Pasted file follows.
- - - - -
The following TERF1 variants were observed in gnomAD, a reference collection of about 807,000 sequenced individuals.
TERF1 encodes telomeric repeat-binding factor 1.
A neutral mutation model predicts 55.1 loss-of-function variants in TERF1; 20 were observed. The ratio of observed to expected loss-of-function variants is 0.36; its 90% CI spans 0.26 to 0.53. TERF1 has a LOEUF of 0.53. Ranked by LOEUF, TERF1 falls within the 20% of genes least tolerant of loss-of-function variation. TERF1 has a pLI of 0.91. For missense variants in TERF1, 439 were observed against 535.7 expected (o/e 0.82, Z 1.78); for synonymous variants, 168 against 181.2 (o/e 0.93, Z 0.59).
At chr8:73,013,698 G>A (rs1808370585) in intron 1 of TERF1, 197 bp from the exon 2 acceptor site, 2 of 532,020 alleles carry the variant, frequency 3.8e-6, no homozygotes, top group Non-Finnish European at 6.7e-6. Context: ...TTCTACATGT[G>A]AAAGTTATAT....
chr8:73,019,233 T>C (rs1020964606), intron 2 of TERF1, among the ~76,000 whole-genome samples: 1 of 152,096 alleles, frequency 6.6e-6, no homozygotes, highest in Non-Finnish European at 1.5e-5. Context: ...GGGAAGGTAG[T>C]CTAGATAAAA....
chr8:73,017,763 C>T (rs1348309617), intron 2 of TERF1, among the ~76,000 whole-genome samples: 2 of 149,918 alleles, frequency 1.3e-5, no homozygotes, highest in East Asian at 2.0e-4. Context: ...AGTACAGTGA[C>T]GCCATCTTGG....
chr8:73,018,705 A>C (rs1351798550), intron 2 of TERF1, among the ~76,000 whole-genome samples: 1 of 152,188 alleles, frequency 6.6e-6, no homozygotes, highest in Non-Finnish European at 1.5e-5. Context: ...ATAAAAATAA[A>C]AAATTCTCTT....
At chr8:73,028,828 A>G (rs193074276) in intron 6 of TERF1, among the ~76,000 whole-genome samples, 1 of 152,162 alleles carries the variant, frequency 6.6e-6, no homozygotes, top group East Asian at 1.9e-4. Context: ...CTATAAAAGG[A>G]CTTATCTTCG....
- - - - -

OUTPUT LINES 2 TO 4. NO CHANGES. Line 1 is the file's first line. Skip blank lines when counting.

TERF1 encodes telomeric repeat-binding factor 1.
A neutral mutation model predicts 55.1 loss-of-function variants in TERF1; 20 were observed. The ratio of observed to expected loss-of-function variants is 0.36; its 90% CI spans 0.26 to 0.53. TERF1 has a LOEUF of 0.53. Ranked by LOEUF, TERF1 falls within the 20% of genes least tolerant of loss-of-function variation. TERF1 has a pLI of 0.91. For missense variants in TERF1, 439 were observed against 535.7 expected (o/e 0.82, Z 1.78); for synonymous variants, 168 against 181.2 (o/e 0.93, Z 0.59).
At chr8:73,013,698 G>A (rs1808370585) in intron 1 of TERF1, 197 bp from the exon 2 acceptor site, 2 of 532,020 alleles carry the variant, frequency 3.8e-6, no homozygotes, top group Non-Finnish European at 6.7e-6. Context: ...TTCTACATGT[G>A]AAAGTTATAT....